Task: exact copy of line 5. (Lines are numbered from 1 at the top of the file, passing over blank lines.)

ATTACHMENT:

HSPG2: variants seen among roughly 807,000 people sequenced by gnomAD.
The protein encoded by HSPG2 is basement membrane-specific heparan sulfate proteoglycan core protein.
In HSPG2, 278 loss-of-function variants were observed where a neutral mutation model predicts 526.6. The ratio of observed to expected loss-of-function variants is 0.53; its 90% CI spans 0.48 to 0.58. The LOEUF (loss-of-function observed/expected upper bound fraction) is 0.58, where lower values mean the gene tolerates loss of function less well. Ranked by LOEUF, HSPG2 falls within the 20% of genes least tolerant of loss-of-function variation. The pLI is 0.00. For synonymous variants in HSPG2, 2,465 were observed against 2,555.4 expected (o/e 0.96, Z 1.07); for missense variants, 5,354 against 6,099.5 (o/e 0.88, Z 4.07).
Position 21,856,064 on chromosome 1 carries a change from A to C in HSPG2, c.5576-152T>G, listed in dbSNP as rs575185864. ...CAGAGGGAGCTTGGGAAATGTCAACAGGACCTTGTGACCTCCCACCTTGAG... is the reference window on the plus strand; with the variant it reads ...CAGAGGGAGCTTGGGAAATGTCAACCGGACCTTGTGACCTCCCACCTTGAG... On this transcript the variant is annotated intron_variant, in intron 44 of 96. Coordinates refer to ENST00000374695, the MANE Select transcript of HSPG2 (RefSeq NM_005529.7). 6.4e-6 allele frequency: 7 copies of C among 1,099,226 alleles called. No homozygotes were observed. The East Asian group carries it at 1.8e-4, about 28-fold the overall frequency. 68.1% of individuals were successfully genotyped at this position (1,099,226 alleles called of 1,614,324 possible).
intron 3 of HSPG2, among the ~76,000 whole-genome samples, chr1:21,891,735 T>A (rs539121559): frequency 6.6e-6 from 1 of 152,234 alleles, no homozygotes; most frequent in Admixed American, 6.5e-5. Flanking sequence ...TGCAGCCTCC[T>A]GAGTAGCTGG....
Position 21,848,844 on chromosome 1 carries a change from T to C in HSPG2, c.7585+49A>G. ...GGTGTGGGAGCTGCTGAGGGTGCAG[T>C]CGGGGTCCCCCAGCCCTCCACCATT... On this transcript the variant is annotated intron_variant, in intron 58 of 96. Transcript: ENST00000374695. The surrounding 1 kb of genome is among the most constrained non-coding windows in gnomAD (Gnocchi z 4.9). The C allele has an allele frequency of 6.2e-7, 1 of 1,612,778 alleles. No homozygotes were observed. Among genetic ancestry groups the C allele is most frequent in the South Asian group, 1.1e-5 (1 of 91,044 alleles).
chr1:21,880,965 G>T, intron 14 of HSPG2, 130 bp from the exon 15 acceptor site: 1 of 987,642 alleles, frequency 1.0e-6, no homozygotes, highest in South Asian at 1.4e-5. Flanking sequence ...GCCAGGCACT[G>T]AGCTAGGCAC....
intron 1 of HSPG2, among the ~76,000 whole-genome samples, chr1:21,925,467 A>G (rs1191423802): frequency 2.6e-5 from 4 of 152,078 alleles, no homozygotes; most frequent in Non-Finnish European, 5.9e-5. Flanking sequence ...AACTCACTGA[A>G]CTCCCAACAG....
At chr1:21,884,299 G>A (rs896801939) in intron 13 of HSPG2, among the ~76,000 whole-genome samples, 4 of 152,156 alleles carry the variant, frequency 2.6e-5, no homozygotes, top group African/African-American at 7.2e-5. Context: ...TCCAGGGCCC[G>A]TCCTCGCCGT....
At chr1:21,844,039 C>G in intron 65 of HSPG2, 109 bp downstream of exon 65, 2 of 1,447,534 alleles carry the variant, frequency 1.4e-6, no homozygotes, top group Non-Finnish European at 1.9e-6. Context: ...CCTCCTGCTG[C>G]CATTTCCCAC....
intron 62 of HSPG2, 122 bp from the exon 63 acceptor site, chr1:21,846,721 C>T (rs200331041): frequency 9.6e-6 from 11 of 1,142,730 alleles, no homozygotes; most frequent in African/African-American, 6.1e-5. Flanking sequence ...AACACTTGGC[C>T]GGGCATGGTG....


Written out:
intron 3 of HSPG2, among the ~76,000 whole-genome samples, chr1:21,891,735 T>A (rs539121559): frequency 6.6e-6 from 1 of 152,234 alleles, no homozygotes; most frequent in Admixed American, 6.5e-5. Flanking sequence ...TGCAGCCTCC[T>A]GAGTAGCTGG....